There Sam Slotnick sat, alone in the VanDenBurgh Center on the campus of SUNY-New Paltz, contemplating his next move in the world of childhood education. He had retired from 35 years of teaching, 32 of them at the New Paltz Middle School (5th and 6th grades).
Retiring in 2003, he had no idea what to do next. “I had lost my audience,” he laughed. “It was 2009, and I was lost. I had been an adjunct at SUNY, teaching method courses since 2006. And it wasn’t enough.”
A call from student-teacher coordinator Maggie Veve shook Slotnick out of his ennui. “She was looking for someone to supervise student teachers in literacy training and asked if I was interested. I told her I had to think about it. I didn’t know what to do.”
As he sat pondering, he got another phone call. “It was the mother of a girl who earlier was considered marginally educable in Middle School and who had just graduated from a university magna cum laude. The girl had been in the literacy program, had worked with a specialized literacy teacher who taught her how to read. She was calling to let us know that her daughter had gained confidence in her education and became a scholar because she participated in the program.
“I was hooked,” said Slotnick.
The Literacy Center provides teacher candidates clinical opportunities in the diagnosis and remediation of reading and writing difficulties. It provides literacy instruction to kids in the mid-Hudson Valley through the direct tutoring of children and adolescents , as well as consultation with teachers on literacy issues.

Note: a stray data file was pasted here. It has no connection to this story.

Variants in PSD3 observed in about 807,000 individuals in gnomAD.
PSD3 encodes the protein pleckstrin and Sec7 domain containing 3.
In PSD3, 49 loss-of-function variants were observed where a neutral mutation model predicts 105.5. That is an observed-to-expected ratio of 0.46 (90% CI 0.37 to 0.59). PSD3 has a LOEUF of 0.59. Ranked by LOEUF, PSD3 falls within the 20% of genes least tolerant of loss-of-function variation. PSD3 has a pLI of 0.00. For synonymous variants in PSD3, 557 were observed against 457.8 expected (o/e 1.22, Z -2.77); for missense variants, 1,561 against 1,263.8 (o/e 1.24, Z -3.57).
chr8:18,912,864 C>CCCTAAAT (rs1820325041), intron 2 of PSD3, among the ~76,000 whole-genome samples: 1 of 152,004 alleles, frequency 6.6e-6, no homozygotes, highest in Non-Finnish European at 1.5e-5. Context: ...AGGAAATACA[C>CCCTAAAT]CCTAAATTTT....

Secondly, it provides a link between school districts and community organizations interested in reading and writing excellence, promoting best practices based on current research in literacy education. This summer program consists of 14 days of two-hour classes.
“It is a jewel in the crown [of public education],” said Slotnick grandly. “The student teachers are aspiring remedial reading specialists being taught by Ph.D.s in the field, learning to assess results and then design a course of study after those assessments. It provides, at the very least, basic remediation.”
“There is magic that goes on,” added Slotnick. “You never really know what you can unlock in these kids. This program provides a powerful understanding of some very unresponsive kids.”
The idea is to build upon the sound-symbol relationships. Some kids coming in can’t associate certain sight words with their sound. This highly individualistic program is designed to instruct activities to address gaps. “It’s lots of planning and familiarizing ourselves with each kid,” said Slotnick. “And as we do we see changes in body language and the kids becoming more confident, becoming empowered. It is transforming — miraculous to see happen to these kids who were considered slow or marginally educable, like that woman’s daughter.”
Slotnick’s role in this is not as a teacher.He’s the grizzled old guy who kind of makes sure everything runs pretty well. He recruits kids for the program, contacting schools in Ulster County, both public and private. Home schoolers, un-schoolers, and everyone in between.
“It’s an incredible resource, and how people acquire literacy is more in demand.” Said Slotnick. “It started out small, but as the understanding of literacy expanded, so did these programs.”
Slotnick can only smile about that turning point in his “second life” where he decided to get involved again in public education. “Life is about how I’m being, not what I’m doing,” he said. “This program speaks to that desire.”
If you would like more information about the Literacy Center, Sam Slotnick can be reached through the Department of Education, Old Main Building 8101 at SUNY-New Paltz. Call him at 257-2809, or fax 257-2846, or email firstname.lastname@example.org.